|XP is just a number|
In college, a programming assignment was to write an inference engine in Pascal. Although everyone else in class thought it was a huge deal (a semester-long project) and turned in huge monstrosoties of programs, I thought it was a simple, beautiful, elegant problem, and made a 5-page solution.
So, I think it's easy enough to implement reusable logic to go through a fact base. It would be easy to represent the facts in Perl, too.
The cool thing that Prolog does is "variable unification", and Perl has nothing like that. There was a Perl6 RFC that was dismissed as being too complex and still not complete enough to be worthwhile, and I reciently read about the backtracking scope in the new regex and wondered if that might be made more general, but it's not really the same thing.
I wonder, though, if full-blown Unification is needed to solve the problems with an inference-engine approach. The big deal about it is that it makes tail-end recursion possible (e.g. no cleanup step after the call returns), while doing the same thing with "undo" code living on the stack would mean you really do need to keep a stack of everything you've been though. Today machines have millions of times more storage, so is that an issue?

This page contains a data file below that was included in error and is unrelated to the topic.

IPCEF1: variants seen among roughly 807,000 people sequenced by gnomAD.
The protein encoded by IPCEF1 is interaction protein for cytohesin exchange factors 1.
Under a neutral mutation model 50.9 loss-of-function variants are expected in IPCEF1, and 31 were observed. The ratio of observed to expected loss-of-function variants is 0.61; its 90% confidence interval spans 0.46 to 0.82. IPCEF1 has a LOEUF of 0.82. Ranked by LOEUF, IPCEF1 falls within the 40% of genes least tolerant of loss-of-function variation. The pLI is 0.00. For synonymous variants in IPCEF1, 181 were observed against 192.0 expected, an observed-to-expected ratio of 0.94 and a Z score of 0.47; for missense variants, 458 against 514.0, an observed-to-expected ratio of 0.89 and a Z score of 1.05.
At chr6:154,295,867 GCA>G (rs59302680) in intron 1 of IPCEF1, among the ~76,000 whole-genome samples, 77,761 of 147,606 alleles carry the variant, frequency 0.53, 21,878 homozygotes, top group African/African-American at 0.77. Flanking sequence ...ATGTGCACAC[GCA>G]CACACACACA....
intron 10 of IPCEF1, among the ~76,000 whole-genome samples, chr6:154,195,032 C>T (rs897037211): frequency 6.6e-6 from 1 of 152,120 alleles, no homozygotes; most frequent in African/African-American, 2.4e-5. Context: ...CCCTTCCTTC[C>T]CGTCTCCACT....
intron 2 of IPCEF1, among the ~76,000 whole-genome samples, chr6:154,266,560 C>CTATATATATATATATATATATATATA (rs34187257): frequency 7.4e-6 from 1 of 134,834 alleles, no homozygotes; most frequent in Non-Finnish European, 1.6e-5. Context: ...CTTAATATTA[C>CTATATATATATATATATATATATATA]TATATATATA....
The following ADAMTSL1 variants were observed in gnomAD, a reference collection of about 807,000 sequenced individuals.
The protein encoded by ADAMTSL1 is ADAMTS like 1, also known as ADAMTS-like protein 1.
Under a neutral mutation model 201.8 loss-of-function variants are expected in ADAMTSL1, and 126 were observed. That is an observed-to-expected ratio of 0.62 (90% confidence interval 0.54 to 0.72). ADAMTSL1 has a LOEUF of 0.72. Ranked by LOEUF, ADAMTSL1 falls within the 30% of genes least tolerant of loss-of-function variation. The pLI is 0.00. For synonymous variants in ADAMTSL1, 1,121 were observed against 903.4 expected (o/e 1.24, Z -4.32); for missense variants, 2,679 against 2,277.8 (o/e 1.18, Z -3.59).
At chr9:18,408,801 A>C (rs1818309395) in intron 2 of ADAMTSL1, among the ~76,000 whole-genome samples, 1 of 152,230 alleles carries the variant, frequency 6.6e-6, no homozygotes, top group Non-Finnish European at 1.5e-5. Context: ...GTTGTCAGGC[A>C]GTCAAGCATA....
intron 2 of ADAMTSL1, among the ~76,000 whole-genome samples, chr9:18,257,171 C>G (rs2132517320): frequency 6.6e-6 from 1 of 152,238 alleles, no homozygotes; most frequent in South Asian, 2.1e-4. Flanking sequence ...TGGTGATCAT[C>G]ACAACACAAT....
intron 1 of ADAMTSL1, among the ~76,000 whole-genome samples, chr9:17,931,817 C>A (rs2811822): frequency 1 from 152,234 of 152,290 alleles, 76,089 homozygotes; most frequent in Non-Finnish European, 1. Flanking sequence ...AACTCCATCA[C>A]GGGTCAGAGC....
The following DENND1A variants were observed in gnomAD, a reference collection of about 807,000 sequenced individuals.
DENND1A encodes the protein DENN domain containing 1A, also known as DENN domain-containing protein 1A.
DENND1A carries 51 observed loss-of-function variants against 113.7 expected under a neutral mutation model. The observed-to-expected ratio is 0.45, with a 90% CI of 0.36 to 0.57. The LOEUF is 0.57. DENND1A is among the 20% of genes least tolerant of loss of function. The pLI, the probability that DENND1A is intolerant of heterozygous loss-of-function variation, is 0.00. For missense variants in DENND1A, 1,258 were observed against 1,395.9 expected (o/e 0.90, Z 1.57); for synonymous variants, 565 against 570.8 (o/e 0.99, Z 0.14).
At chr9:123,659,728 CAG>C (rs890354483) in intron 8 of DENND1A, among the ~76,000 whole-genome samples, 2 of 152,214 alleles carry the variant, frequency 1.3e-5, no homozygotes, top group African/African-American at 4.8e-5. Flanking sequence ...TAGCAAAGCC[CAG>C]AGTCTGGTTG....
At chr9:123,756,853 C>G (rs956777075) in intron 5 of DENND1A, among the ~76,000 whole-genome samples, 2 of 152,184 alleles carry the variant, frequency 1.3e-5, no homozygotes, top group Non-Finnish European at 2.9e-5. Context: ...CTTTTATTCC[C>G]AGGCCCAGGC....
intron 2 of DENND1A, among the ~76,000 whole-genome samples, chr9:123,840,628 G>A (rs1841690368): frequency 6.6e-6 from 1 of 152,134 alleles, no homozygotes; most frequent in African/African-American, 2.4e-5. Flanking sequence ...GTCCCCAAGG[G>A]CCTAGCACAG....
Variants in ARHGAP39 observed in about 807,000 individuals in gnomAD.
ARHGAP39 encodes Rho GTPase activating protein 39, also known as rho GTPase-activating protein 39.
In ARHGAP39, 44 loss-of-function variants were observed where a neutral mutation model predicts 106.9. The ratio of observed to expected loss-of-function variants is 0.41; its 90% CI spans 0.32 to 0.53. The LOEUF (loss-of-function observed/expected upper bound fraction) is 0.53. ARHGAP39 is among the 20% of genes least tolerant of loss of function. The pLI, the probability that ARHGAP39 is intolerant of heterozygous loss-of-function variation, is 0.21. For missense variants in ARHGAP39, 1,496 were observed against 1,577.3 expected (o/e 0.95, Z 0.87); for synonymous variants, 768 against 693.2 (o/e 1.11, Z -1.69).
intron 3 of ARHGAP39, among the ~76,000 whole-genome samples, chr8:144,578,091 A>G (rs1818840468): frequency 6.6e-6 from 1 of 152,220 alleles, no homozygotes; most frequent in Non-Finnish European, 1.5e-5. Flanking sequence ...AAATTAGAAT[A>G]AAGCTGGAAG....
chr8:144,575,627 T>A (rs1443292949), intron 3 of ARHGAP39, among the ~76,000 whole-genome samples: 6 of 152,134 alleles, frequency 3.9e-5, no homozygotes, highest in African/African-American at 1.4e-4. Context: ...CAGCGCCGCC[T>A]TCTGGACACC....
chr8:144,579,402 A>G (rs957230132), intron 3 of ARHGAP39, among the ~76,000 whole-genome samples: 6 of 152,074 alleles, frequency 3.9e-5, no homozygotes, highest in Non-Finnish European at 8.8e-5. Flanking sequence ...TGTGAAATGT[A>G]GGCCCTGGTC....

Also, you would want "how" and "why" features on your inference engine.
You have your fundimental facts and your rules stored in different ways—lists and subs. The subs are hand-written. How is that reusable? I think it illustrates a "pattern" commonly found in code, to solve a complex problem in a top-down manner.
However, I think it would be more interesting to start by expressing your rules as Perl data, in a simple and natural manner:
and come up with a fully reusable function that takes this data and makes inferences on it. Here, I used '$X' etc. as placeholders, like variables in Prolog or the questionmark stuff in CLIPS. Seems like you could generate source code on the fly based on the rule!